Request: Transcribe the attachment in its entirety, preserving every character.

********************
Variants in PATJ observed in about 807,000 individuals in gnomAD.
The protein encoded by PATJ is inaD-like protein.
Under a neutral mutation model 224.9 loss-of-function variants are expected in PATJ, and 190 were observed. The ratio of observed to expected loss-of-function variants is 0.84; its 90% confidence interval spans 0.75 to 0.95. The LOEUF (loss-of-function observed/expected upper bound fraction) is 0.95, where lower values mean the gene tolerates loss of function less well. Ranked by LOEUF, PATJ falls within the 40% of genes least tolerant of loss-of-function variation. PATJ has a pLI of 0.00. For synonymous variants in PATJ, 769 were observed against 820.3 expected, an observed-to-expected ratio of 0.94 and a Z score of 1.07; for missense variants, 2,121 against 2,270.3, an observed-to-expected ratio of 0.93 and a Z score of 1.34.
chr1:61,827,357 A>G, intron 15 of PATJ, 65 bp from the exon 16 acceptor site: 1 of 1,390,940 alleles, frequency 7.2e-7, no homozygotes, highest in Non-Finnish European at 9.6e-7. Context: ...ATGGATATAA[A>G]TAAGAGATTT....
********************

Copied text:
Variants in PATJ observed in about 807,000 individuals in gnomAD.
The protein encoded by PATJ is inaD-like protein.
Under a neutral mutation model 224.9 loss-of-function variants are expected in PATJ, and 190 were observed. The ratio of observed to expected loss-of-function variants is 0.84; its 90% confidence interval spans 0.75 to 0.95. The LOEUF (loss-of-function observed/expected upper bound fraction) is 0.95, where lower values mean the gene tolerates loss of function less well. Ranked by LOEUF, PATJ falls within the 40% of genes least tolerant of loss-of-function variation. PATJ has a pLI of 0.00. For synonymous variants in PATJ, 769 were observed against 820.3 expected, an observed-to-expected ratio of 0.94 and a Z score of 1.07; for missense variants, 2,121 against 2,270.3, an observed-to-expected ratio of 0.93 and a Z score of 1.34.
chr1:61,827,357 A>G, intron 15 of PATJ, 65 bp from the exon 16 acceptor site: 1 of 1,390,940 alleles, frequency 7.2e-7, no homozygotes, highest in Non-Finnish European at 9.6e-7. Context: ...ATGGATATAA[A>G]TAAGAGATTT....